“The government is also examining opportunities to streamline its web presence by making it easier for Canadians to find and access government information on the web through a single entry point,” explains the federal budget.
Creating an online service hub that makes it easier and more intuitive for users to determine and access the services that they want is actually a really good idea - one I've discussed before:
- Using mobile device Aps like Guardly as a model to bring services (online and in person) that much closer to end users
- Building on the model of video games to create a "hub world" that adds value and empowers service users to develop skills at the same time as accessing services
That's okay - I'm totally fine with the Prime Minister cribbing my ideas. A bit of recognition, though, would go a long way towards encouraging other engaged citizens to share their innovative ideas for streamlining service or improving productivity or fostering innovation.
But yeah, there's a chance Harper isn't cribbing from me; he could be cribbing from the US. Or Australia.
Either way, it just goes to show that innovation doesn't happen in a vacuum - progressive ideas happen through collaboration and sharing.
Of course, the concerns raised in the article above are valid; the Harper government has a history of shrinking public access to information; they've curtailed the Census, they've denied bureaucrats the right to speak, defunded NGOs they don't like, built up cones of silence around Parliamentary activity and are even stifling their Caucus.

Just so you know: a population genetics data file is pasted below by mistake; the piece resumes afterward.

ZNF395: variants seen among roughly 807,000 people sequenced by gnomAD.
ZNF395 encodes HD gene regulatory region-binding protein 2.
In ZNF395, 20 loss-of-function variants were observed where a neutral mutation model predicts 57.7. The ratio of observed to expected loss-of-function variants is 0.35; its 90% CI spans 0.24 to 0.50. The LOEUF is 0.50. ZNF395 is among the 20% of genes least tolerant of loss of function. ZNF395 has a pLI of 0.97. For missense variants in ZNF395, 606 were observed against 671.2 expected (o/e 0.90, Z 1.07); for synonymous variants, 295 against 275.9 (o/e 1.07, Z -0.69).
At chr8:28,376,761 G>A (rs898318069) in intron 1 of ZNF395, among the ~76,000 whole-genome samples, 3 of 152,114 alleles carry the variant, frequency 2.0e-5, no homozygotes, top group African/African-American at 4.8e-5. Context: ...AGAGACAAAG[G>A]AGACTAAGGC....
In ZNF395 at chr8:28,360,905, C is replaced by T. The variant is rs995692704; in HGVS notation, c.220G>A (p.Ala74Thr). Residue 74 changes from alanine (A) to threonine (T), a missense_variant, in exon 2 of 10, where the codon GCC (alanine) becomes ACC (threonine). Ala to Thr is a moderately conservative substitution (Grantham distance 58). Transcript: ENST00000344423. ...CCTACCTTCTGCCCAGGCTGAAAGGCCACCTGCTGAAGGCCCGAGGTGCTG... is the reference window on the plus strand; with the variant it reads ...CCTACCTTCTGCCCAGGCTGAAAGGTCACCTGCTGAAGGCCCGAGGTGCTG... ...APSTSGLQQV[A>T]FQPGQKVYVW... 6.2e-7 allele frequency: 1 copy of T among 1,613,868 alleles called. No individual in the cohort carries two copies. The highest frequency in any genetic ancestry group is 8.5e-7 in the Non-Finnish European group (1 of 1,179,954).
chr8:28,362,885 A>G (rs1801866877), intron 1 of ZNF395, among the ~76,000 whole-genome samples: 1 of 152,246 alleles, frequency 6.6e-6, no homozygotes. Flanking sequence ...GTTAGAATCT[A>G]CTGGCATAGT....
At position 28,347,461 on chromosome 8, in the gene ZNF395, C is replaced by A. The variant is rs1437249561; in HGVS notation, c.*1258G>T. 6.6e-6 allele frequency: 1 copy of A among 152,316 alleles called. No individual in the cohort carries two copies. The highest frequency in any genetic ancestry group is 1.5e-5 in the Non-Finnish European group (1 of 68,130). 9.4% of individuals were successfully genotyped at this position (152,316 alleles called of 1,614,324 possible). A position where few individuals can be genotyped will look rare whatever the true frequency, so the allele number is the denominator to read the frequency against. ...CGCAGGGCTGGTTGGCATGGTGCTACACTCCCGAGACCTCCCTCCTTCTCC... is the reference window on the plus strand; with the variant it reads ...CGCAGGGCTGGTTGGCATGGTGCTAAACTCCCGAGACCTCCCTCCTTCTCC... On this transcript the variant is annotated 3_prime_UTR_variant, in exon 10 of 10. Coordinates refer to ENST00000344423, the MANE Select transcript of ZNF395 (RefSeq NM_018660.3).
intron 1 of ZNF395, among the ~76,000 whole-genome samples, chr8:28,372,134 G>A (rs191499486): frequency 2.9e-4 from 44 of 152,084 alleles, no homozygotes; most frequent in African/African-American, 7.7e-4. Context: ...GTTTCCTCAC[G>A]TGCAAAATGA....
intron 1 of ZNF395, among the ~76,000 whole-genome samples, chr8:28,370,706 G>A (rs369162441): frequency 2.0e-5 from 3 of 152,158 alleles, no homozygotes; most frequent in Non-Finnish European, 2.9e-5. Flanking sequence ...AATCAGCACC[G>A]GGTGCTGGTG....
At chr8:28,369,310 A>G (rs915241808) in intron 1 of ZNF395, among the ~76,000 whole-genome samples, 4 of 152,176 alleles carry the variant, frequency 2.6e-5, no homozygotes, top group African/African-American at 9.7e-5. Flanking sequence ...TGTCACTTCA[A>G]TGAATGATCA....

Canadians should be very concerned that Harper and co will continue to starve knowledge in their drive to develop The Master Switch. The trick isn't to get mad and fight against the very idea of improving online service access, though - that would defeat the underlying progressive purpose. Instead, the goal should be to get creative.
People do have trouble accessing public services in their present format. They do spend tons of time online. And they like online stuff that is both informative, fun and rewarding. Better service presentation would reduce duplication, gaps and overlaps (and related costs) and making engagement rewarding will encourage people to be proactive.
How do you get the public engaged in service reform using modern technology and use a bit of charm offensive to build political traction at the same time?
Smart political operatives will be seeking partners to answer those questions and have a plan in place for the next election.